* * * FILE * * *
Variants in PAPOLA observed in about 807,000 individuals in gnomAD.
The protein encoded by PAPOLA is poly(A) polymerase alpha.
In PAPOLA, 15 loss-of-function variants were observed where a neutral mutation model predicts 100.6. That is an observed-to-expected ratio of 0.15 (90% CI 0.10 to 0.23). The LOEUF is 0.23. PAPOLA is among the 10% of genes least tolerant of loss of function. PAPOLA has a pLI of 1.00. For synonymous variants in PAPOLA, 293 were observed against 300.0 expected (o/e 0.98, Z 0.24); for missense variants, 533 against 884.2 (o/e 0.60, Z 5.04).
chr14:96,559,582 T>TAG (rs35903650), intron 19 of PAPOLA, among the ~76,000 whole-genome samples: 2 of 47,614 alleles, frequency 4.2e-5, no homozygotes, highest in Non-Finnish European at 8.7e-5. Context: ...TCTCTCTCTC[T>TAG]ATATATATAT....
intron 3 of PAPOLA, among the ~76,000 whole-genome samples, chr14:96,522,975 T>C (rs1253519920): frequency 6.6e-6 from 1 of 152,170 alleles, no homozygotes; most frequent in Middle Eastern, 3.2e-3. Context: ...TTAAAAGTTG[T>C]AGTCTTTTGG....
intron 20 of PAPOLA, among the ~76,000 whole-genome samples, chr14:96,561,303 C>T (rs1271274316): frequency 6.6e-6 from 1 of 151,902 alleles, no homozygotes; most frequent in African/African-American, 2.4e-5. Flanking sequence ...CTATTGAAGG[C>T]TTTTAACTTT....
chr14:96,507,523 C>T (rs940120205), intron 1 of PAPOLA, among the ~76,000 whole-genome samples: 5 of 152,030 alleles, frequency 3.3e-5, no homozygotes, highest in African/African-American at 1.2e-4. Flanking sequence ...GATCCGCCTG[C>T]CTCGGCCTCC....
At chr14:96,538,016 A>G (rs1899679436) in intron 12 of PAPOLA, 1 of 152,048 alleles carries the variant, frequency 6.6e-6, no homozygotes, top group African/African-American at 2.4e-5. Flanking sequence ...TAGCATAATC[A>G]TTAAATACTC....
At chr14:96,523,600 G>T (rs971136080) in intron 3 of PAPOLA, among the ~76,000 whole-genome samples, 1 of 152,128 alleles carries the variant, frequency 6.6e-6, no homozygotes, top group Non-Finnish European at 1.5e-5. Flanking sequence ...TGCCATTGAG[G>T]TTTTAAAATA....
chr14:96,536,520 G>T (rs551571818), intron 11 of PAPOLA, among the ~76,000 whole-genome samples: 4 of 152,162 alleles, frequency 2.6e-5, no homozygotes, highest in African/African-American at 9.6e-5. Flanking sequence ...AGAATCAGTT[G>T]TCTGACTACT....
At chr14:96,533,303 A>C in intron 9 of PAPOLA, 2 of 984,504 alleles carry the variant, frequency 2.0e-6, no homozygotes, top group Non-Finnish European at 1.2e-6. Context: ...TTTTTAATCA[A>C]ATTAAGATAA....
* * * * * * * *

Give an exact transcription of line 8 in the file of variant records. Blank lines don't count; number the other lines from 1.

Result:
At chr14:96,538,016 A>G (rs1899679436) in intron 12 of PAPOLA, 1 of 152,048 alleles carries the variant, frequency 6.6e-6, no homozygotes, top group African/African-American at 2.4e-5. Flanking sequence ...TAGCATAATC[A>G]TTAAATACTC....